posted on November 20, 2012 15:55
Book by William M. Sullivan, Anne Colby, Judith Welch Wegner, Lloyd Bond & Less S. Shulman
Review by John R. Nilsson
Preprofessional Advising Coordinator, University College
University of Utah
Educating Lawyers is the Carnegie Foundation’s penetrating look at the state of legal education in the United States and Canada. The result of an intensive comparative study of sixteen law schools across the continent, this work is of interest to all those who will be advising future lawyers and to those following the interplay between higher education and the professions. That being said, the work will be most deeply appreciated by those who have spent some time learning educational theory and those whose advising caseloads include a substantial number of law school-bound students.
The book that emerged as the result of this study concludes that while problems exist in legal education, there are viable models out there worthy of emulation. Two such models are mentioned by name: CUNY and NYU. (Readers familiar with law schools will wish more than these two were mentioned; the sixteen law schools are never revealed.) CUNY and NYU, while differing in many institutional regards, are both seen by the authors as successfully integrating the “cognitive, practical, and formative apprenticeships in legal education”(p. 58), mainly by requiring some early clinical coursework where students are able to learn by working with clients and attorneys in a “real world” setting.
The authors do a good job in describing the dialogues which take place between instructors and students in the sixteen selected law schools, pointing out the pedagogical strengths and weaknesses inherent in the famous Socratic case-study method. These dialogues are the best feature of the book and allow the reader to draw independent conclusions about the educational impact of the law school on students’ view of the profession of law, which tends to be case-centered rather than client-centered and to take a detached view of ethics. Very clearly, “thinking like a lawyer”(p. 87) emerges from this educational process, but what does this mean for the legal profession, which is itself a result of the cumulative student output of these law schools?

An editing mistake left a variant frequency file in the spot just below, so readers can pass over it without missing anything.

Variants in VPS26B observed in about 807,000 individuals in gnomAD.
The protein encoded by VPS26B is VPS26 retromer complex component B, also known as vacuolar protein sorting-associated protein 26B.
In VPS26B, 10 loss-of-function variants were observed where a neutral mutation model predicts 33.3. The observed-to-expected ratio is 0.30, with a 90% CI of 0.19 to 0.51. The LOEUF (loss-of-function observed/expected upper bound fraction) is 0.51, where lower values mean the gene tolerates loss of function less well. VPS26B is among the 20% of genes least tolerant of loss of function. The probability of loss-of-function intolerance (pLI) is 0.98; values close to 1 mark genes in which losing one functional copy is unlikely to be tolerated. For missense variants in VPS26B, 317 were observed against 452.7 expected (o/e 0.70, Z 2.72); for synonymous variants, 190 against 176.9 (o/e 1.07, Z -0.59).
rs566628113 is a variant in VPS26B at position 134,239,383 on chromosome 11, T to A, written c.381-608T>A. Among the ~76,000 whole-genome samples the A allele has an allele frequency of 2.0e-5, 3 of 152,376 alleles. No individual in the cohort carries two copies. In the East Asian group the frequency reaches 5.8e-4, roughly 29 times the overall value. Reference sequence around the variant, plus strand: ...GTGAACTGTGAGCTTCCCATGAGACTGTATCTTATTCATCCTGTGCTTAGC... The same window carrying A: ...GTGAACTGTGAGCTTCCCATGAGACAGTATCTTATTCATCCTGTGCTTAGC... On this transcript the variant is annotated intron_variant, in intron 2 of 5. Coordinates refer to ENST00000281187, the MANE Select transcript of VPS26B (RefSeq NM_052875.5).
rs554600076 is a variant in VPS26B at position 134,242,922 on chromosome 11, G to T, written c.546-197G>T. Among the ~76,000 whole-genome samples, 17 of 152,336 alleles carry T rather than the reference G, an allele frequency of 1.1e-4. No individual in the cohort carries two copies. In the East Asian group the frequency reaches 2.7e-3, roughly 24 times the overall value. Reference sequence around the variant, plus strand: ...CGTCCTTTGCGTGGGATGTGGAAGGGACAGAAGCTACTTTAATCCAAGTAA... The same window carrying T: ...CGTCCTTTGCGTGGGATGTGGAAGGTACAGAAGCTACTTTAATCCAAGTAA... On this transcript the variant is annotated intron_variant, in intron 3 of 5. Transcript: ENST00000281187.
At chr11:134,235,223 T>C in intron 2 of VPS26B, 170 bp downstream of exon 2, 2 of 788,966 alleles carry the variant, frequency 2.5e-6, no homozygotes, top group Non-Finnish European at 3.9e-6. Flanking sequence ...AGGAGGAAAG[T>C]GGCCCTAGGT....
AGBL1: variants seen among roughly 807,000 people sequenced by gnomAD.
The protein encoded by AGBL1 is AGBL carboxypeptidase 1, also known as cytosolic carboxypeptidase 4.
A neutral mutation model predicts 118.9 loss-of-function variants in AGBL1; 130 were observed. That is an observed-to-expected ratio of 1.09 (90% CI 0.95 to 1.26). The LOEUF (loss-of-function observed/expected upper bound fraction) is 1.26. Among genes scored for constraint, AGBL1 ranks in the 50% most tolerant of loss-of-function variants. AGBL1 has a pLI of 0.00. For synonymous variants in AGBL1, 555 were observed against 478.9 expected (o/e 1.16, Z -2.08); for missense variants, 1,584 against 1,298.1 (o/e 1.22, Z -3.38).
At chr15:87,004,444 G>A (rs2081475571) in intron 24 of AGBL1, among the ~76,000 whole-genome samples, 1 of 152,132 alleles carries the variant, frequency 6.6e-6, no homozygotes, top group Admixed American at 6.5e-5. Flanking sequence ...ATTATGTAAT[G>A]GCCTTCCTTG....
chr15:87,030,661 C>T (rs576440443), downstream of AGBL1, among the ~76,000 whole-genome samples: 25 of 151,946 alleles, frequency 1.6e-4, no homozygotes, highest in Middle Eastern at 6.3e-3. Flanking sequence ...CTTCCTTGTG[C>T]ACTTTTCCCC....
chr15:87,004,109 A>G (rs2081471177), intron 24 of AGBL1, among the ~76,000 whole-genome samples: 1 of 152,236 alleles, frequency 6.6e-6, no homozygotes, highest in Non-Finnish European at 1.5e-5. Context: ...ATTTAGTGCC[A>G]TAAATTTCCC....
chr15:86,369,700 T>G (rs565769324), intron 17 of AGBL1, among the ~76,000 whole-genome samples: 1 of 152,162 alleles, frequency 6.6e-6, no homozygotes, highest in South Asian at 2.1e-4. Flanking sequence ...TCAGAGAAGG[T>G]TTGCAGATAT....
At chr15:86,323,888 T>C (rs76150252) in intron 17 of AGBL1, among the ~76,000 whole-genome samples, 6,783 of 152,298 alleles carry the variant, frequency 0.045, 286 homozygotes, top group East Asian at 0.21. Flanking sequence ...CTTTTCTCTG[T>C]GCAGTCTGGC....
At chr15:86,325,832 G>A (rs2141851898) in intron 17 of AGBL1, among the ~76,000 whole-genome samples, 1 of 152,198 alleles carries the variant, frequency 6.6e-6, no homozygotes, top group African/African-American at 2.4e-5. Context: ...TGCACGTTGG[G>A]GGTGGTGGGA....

Advisors who work with students contemplating law school would be well-served by having a copy of this book on their shelf, and reading through one or more of the case-study dialogues with their student as a means of gauging their student’s interest in the study of law. This exercise can prove highly engaging for the student who will enjoy the whirl of this particular brand of intellectual acrobatics, and illuminating for the student who will be prompted to reconsider their career choice as a result.
Advisors would also do well to point out to students that law school may not necessarily teach them everything they ought to know about being a lawyer. That will hopefully come as they are mentored by a senior staff member at their first firm. These insights and others are vital if we are to do our part in preparing students for a legal education which will enable them to “uphold the vital values of freedom with equity and extend these values into situations as yet unknown but continuous with the best aspirations of our past”(p. 202).
Educating Lawyers: Preparation for the Profession of Law. (2007). Book by William M. Sullivan, Anne Colby, Judith Welch Wegner, Lloyd Bond & Less S. Shulman. Review by John R. Nilsson. San Francisco, CA: Jossey-Bass, 240 pp., $40.00, (hardback). ISBN # 978-0-7879-8261-4